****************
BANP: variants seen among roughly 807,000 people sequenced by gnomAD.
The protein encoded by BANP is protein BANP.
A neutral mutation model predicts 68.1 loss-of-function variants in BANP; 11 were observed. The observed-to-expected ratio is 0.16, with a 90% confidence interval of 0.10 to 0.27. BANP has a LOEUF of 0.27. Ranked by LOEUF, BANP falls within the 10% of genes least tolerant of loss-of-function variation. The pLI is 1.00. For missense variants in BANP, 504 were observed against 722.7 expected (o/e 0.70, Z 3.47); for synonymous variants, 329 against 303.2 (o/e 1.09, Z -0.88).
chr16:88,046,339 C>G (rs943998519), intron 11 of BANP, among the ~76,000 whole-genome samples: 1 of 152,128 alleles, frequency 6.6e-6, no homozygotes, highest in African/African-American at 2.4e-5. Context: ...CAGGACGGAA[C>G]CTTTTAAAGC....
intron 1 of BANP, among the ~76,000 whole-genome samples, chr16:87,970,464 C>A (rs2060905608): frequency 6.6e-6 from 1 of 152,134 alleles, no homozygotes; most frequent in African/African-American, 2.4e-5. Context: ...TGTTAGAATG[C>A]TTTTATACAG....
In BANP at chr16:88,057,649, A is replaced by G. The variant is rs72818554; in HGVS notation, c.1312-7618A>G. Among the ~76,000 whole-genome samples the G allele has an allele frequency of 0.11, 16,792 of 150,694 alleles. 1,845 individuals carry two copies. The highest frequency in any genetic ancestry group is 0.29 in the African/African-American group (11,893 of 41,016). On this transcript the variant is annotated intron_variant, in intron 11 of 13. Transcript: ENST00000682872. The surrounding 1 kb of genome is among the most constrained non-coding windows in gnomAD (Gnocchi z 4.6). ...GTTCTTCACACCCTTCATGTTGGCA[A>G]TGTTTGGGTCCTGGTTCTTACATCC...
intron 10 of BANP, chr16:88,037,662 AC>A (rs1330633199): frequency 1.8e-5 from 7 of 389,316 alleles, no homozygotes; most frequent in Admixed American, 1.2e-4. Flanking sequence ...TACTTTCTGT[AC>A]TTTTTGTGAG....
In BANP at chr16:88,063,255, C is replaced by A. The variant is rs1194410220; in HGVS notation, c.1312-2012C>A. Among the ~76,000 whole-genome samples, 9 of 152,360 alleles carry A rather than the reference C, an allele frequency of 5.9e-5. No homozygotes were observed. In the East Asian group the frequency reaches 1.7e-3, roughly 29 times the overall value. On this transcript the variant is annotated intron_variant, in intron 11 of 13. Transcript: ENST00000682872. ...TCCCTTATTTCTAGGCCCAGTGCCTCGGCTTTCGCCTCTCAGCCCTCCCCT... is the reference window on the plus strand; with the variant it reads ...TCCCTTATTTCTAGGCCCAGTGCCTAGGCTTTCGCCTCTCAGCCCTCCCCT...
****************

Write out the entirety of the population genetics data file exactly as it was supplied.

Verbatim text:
BANP: variants seen among roughly 807,000 people sequenced by gnomAD.
The protein encoded by BANP is protein BANP.
A neutral mutation model predicts 68.1 loss-of-function variants in BANP; 11 were observed. The observed-to-expected ratio is 0.16, with a 90% confidence interval of 0.10 to 0.27. BANP has a LOEUF of 0.27. Ranked by LOEUF, BANP falls within the 10% of genes least tolerant of loss-of-function variation. The pLI is 1.00. For missense variants in BANP, 504 were observed against 722.7 expected (o/e 0.70, Z 3.47); for synonymous variants, 329 against 303.2 (o/e 1.09, Z -0.88).
chr16:88,046,339 C>G (rs943998519), intron 11 of BANP, among the ~76,000 whole-genome samples: 1 of 152,128 alleles, frequency 6.6e-6, no homozygotes, highest in African/African-American at 2.4e-5. Context: ...CAGGACGGAA[C>G]CTTTTAAAGC....
intron 1 of BANP, among the ~76,000 whole-genome samples, chr16:87,970,464 C>A (rs2060905608): frequency 6.6e-6 from 1 of 152,134 alleles, no homozygotes; most frequent in African/African-American, 2.4e-5. Context: ...TGTTAGAATG[C>A]TTTTATACAG....
In BANP at chr16:88,057,649, A is replaced by G. The variant is rs72818554; in HGVS notation, c.1312-7618A>G. Among the ~76,000 whole-genome samples the G allele has an allele frequency of 0.11, 16,792 of 150,694 alleles. 1,845 individuals carry two copies. The highest frequency in any genetic ancestry group is 0.29 in the African/African-American group (11,893 of 41,016). On this transcript the variant is annotated intron_variant, in intron 11 of 13. Transcript: ENST00000682872. The surrounding 1 kb of genome is among the most constrained non-coding windows in gnomAD (Gnocchi z 4.6). ...GTTCTTCACACCCTTCATGTTGGCA[A>G]TGTTTGGGTCCTGGTTCTTACATCC...
intron 10 of BANP, chr16:88,037,662 AC>A (rs1330633199): frequency 1.8e-5 from 7 of 389,316 alleles, no homozygotes; most frequent in Admixed American, 1.2e-4. Flanking sequence ...TACTTTCTGT[AC>A]TTTTTGTGAG....
In BANP at chr16:88,063,255, C is replaced by A. The variant is rs1194410220; in HGVS notation, c.1312-2012C>A. Among the ~76,000 whole-genome samples, 9 of 152,360 alleles carry A rather than the reference C, an allele frequency of 5.9e-5. No homozygotes were observed. In the East Asian group the frequency reaches 1.7e-3, roughly 29 times the overall value. On this transcript the variant is annotated intron_variant, in intron 11 of 13. Transcript: ENST00000682872. ...TCCCTTATTTCTAGGCCCAGTGCCTCGGCTTTCGCCTCTCAGCCCTCCCCT... is the reference window on the plus strand; with the variant it reads ...TCCCTTATTTCTAGGCCCAGTGCCTAGGCTTTCGCCTCTCAGCCCTCCCCT...